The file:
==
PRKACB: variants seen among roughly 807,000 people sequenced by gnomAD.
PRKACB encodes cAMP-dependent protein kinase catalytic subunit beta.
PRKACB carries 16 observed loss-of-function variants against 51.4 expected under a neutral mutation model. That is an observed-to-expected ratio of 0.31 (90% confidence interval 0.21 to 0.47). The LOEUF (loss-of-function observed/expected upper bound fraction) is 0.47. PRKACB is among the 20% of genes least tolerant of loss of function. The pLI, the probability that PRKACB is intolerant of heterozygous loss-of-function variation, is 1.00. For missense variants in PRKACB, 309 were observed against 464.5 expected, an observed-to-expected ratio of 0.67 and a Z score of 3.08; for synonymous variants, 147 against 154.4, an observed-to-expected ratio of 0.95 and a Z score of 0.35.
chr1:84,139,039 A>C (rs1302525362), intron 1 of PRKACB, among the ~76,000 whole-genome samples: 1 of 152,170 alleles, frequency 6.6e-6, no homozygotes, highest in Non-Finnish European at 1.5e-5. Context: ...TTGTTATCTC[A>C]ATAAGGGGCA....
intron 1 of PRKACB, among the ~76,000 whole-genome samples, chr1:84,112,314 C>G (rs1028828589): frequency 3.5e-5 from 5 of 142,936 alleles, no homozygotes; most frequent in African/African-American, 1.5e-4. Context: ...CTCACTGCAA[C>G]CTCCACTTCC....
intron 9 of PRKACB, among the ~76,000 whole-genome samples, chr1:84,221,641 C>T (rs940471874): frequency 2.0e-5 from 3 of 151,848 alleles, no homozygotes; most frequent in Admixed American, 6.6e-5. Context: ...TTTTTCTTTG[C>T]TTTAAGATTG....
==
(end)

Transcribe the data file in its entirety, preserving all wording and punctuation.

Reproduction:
PRKACB: variants seen among roughly 807,000 people sequenced by gnomAD.
PRKACB encodes cAMP-dependent protein kinase catalytic subunit beta.
PRKACB carries 16 observed loss-of-function variants against 51.4 expected under a neutral mutation model. That is an observed-to-expected ratio of 0.31 (90% confidence interval 0.21 to 0.47). The LOEUF (loss-of-function observed/expected upper bound fraction) is 0.47. PRKACB is among the 20% of genes least tolerant of loss of function. The pLI, the probability that PRKACB is intolerant of heterozygous loss-of-function variation, is 1.00. For missense variants in PRKACB, 309 were observed against 464.5 expected, an observed-to-expected ratio of 0.67 and a Z score of 3.08; for synonymous variants, 147 against 154.4, an observed-to-expected ratio of 0.95 and a Z score of 0.35.
chr1:84,139,039 A>C (rs1302525362), intron 1 of PRKACB, among the ~76,000 whole-genome samples: 1 of 152,170 alleles, frequency 6.6e-6, no homozygotes, highest in Non-Finnish European at 1.5e-5. Context: ...TTGTTATCTC[A>C]ATAAGGGGCA....
intron 1 of PRKACB, among the ~76,000 whole-genome samples, chr1:84,112,314 C>G (rs1028828589): frequency 3.5e-5 from 5 of 142,936 alleles, no homozygotes; most frequent in African/African-American, 1.5e-4. Context: ...CTCACTGCAA[C>G]CTCCACTTCC....
intron 9 of PRKACB, among the ~76,000 whole-genome samples, chr1:84,221,641 C>T (rs940471874): frequency 2.0e-5 from 3 of 151,848 alleles, no homozygotes; most frequent in Admixed American, 6.6e-5. Context: ...TTTTTCTTTG[C>T]TTTAAGATTG....